Full TGIF Record # 234156
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DOI:10.1111/j.1752-1688.2004.tb04458.x
Web URL(s):http://onlinelibrary.wiley.com/doi/10.1111/j.1752-1688.2004.tb04458.x/pdf
    Last checked: 12/12/2013
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    Access conditions: Item is within a limited-access website
Publication Type:
i
Report
Author(s):Harned, Douglas A.; Atkins, J. Brian; Harvill, John S.
Author Affiliation:Harned: Hydrologist, U.S. Geological Survey, Raleigh, North Carolina; Atkins: Hydrologist, U.S. Geological Survey, Montgomery, Alabama; Harvill: Computer Specialist, U.S. Geological Survey, Nashville, Tennessee
Title:Nutrient mass balance and trends, Mobile River Basin, Alabama, Georgia, and Mississippi
Source:Journal of the American Water Resources Association/AWRA. Vol. 40, No. 3, June 2004, p. 765-793.
# of Pages:29
Publishing Information:Minneapolis, Minnesota: American Water Resources Association
Related Web URL:http://onlinelibrary.wiley.com/doi/10.1111/j.1752-1688.2004.tb04458.x/abstract
    Last checked: 12/12/2013
    Notes: Abstract only
Keywords:TIC Keywords: Evaluations; Mass balance; Nonpoint source pollution; Nutrient loads; Water quality
Abstract/Contents:"A nutrient mass balance - accounting for nutrient inputs from atmospheric deposition, fertilizer, crop nitrogen fixation, and point source effluents; and nutrient outputs, including crop harvest and storage - was calculated for 18 subbasins in the Mobile River Basin, and trends (1970 to 1997) were evaluated as part of the U.S. Geological Survey National Water Quality Assessment (NAWQA) Program. Agricultural nonpoint nitrogen and phosphorus sources and urban nonpoint nitrogen sources are the most important factors associated with nutrients in this system. More than 30 percent of nitrogen yield in two basins and phosphorus yield in eight basins can be attributed to urban point source nutrient inputs. The total nitrogen yield (1.3 tons per square mile per year) for the Tombigbee River, which drains a greater percentage of agricultural (row crop) land use, was larger than the total nitrogen yield (0.99 tons per square mile per year) for the Alabama River. Decreasing trends of total nitrogen concentrations in the Tombigbee and Alabama Rivers indicate that a reduction occurred from 1975 to 1997 in the nitrogen contributions to Mobile Bay from the Mobile River. Nitrogen concentrations also decreased (1980 to 1995) in the Black Warrior River, one of the major tributaries to the Tombigbee River. Total phosphorus concentrations increased from 1970 to 1996 at three urban influenced sites on the Etowah River in Georgia. Multiple regression analysis indicates a distinct association between water quality in the streams of the Mobile River drainage basin and agricultural activities in the basin."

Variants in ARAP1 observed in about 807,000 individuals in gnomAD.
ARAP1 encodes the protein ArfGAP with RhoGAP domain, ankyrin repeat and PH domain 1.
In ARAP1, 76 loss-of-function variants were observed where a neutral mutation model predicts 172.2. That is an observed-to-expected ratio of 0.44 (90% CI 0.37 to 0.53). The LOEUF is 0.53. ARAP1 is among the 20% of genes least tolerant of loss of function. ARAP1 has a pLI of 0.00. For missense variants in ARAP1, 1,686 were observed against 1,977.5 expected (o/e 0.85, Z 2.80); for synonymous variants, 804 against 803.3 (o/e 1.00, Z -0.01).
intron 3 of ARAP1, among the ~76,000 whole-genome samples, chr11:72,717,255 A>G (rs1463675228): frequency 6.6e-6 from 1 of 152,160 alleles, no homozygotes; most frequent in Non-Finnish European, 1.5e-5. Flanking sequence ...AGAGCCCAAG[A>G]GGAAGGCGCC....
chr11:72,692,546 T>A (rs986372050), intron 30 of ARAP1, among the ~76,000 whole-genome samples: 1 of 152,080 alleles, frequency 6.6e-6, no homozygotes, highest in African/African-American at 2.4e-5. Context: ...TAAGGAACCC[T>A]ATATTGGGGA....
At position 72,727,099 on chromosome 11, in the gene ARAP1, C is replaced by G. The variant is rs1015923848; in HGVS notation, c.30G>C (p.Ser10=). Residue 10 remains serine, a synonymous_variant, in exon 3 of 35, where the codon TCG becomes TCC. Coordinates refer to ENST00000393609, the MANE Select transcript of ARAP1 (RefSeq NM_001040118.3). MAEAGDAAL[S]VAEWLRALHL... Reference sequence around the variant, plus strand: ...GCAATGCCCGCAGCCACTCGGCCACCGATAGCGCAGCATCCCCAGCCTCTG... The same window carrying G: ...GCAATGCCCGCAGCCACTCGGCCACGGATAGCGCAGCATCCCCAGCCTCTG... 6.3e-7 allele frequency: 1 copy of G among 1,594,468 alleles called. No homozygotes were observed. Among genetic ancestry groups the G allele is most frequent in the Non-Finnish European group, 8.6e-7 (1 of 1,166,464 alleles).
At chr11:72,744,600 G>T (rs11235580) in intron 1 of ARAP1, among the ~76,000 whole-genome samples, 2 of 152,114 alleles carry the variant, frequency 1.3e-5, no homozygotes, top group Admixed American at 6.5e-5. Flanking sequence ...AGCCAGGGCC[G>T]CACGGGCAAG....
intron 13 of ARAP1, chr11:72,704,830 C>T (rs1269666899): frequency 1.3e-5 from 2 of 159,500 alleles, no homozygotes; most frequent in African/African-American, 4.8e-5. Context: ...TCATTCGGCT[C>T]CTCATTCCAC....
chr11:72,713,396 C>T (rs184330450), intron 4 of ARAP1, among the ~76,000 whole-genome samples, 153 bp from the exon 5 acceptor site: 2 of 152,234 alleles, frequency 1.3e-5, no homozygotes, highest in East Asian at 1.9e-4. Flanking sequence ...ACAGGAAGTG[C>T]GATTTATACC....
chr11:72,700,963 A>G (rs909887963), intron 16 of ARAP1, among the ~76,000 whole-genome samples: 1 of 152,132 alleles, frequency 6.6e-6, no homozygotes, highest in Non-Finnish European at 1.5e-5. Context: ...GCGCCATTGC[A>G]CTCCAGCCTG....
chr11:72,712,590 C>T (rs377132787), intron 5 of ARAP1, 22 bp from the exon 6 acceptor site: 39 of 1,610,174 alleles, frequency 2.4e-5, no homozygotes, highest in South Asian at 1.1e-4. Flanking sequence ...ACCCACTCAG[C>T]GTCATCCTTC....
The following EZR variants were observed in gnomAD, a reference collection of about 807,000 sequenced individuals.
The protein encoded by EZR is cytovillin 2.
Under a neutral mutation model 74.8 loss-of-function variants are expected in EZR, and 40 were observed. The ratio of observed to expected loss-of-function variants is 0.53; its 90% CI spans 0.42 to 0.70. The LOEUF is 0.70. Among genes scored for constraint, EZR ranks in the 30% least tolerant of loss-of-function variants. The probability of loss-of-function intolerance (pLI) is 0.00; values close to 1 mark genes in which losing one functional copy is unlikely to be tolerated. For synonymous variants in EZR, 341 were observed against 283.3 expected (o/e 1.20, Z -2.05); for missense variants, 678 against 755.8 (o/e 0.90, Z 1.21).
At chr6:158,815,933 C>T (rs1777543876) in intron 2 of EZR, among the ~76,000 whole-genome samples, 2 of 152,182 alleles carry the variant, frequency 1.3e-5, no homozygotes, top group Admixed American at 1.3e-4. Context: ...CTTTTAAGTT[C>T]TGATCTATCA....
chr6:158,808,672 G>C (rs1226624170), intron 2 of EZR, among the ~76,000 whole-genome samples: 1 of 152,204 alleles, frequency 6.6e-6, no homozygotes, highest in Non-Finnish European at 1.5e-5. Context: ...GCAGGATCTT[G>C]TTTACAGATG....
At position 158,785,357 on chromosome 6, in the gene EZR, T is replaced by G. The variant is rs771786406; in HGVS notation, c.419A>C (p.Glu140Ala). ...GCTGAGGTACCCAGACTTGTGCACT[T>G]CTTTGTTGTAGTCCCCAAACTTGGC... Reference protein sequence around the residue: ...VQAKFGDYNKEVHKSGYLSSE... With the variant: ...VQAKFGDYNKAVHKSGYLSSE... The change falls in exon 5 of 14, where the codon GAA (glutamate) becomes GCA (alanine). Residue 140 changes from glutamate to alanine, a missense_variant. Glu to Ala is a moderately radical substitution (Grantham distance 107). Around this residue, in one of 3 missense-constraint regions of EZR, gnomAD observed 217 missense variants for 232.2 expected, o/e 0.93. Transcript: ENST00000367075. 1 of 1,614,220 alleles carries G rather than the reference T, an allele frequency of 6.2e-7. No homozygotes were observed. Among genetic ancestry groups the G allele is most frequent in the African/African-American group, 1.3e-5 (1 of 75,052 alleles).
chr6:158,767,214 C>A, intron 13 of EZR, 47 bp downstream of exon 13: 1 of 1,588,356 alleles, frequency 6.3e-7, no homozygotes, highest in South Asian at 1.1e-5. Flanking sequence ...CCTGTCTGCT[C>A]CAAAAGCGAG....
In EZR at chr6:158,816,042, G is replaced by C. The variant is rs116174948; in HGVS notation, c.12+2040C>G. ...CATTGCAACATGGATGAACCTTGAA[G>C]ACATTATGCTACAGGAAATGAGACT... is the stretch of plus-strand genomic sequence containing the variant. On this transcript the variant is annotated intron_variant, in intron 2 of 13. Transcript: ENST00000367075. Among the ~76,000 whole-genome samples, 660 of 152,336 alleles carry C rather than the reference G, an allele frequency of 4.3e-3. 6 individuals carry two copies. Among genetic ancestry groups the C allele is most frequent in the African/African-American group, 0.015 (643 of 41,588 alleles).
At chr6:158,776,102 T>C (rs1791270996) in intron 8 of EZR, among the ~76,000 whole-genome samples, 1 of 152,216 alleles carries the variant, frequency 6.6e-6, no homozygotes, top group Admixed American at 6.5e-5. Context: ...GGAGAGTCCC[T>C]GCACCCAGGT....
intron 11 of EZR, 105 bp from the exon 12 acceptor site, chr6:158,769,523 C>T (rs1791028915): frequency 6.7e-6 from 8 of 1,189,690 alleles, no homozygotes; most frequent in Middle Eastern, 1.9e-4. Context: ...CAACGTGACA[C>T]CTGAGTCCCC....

Language:English
References:27
Note:Map, "Location of Mobile River Basin and Streamwater Quality Sites Used for Nutrient Assessment and NADP Stations."
Tables
Graphs
Geographic Terms:Mobile River Basin
ASA/CSSA/SSSA Citation (Crop Science-Like - may be incomplete):
Harned, D. A., J. B. Atkins, and J. S. Harvill. 2004. Nutrient mass balance and trends, Mobile River Basin, Alabama, Georgia, and Mississippi. Water Resour. Bull. 40(3):p. 765-793.
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DOI: 10.1111/j.1752-1688.2004.tb04458.x
Web URL(s):
http://onlinelibrary.wiley.com/doi/10.1111/j.1752-1688.2004.tb04458.x/pdf
    Last checked: 12/12/2013
    Requires: PDF Reader
    Access conditions: Item is within a limited-access website
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MSU catalog number: b2206946~S1a
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